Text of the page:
Guatemala bus

Being a columnist for Points in Case, one must be prepared to be deployed anywhere around the world at any given moment. Be it to quell a rebel uprising, learn every dick joke possible in an obscure Scandinavian dialect, or simply pleasure every woman in Estonia (again), I have to be ready for anything. Because when I get the call, I have to drop everything (figuratively, of course. If I dropped my computer, then how would I write this? You're silly) and go. And about a month ago, I got the call.

I was at the airport when my cell phone rang.

"Hello, you've reached the president," I said, confidently. Security eyed me suspiciously as I preemptively removed my pants.

"No I haven't, this is clearly Cole," said the familiar voice of PIC Editor in Chief, Court Sullivan.

Guatemala has recycled U.S. school buses that drive all over for no more than a dollar or two. And yes, you will probably have to sit next to a chicken. "You've seen through my clever ruse," I said, baffling several TSA agents as I gave myself a thorough pat-down.

"Yes. Yes I have. And since prolonged exposure to you in any form presents a risk of both increased stupidity and feline herpes, I'll cut to the chase."

"I appreciate your candor," I said with a steely resolve.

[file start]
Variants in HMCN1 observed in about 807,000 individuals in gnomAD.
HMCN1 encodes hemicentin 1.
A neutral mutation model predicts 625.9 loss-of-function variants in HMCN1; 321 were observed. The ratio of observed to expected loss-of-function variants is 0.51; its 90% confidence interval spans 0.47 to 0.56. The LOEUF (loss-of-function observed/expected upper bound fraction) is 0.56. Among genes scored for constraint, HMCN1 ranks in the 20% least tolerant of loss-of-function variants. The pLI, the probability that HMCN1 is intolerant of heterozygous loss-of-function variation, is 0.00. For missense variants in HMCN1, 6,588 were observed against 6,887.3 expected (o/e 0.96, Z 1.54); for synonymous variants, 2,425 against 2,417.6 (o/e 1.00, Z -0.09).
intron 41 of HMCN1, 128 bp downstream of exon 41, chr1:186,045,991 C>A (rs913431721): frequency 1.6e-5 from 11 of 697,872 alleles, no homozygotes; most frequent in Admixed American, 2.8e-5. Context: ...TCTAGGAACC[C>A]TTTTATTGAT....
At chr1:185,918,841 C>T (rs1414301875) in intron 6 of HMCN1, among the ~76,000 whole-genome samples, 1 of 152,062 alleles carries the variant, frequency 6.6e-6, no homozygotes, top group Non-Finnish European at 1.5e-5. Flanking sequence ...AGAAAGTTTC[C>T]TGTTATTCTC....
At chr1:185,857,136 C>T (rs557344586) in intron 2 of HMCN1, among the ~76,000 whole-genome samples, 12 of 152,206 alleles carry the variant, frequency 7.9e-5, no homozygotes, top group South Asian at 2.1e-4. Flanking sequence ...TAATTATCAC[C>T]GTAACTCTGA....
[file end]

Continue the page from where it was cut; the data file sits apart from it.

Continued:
"You don't know what that word means," he said, sounding quite tired.

"Not even a little bit," I nodded.

"Right, well, anyway, I got my bank statement in the mail today, and I noticed several very interesting purchases."

"Well, Court, you're an interesting guy. I'm sure you make many interesting purchases in your day to day life," I said, squeezing a whole tube of KY jelly onto myself in preparation for sliding through the X-ray machine. They always wind up X-raying me.

"How did you get my credit card, Cole?" Court asked, clearly already tired of talking with me.

"Whatever do you mean?" I said, flashing a knowing wink to the nearest TSA agent. Which in hindsight, given that I was half naked and clutching an expended bottle of clearly marked anal lube, might have sent the wrong signals. Butt signals, that is.

"There are charges for a Delta flight to Guatemala, a beekeeper suit, eight whips, leather chaps, and a one way ticket to Thailand."

"You have many varied hobbies, it would seem."

"Dammit, Cole."

"Ok, ok. I may have borrowed your card that one time I stole it from you. But in all fairness, I only bought the ticket to Guatemala. Although I may have given your card to fellow columnist Casey Freeman when I was done with it."

"Why did you say his name like that, and how—"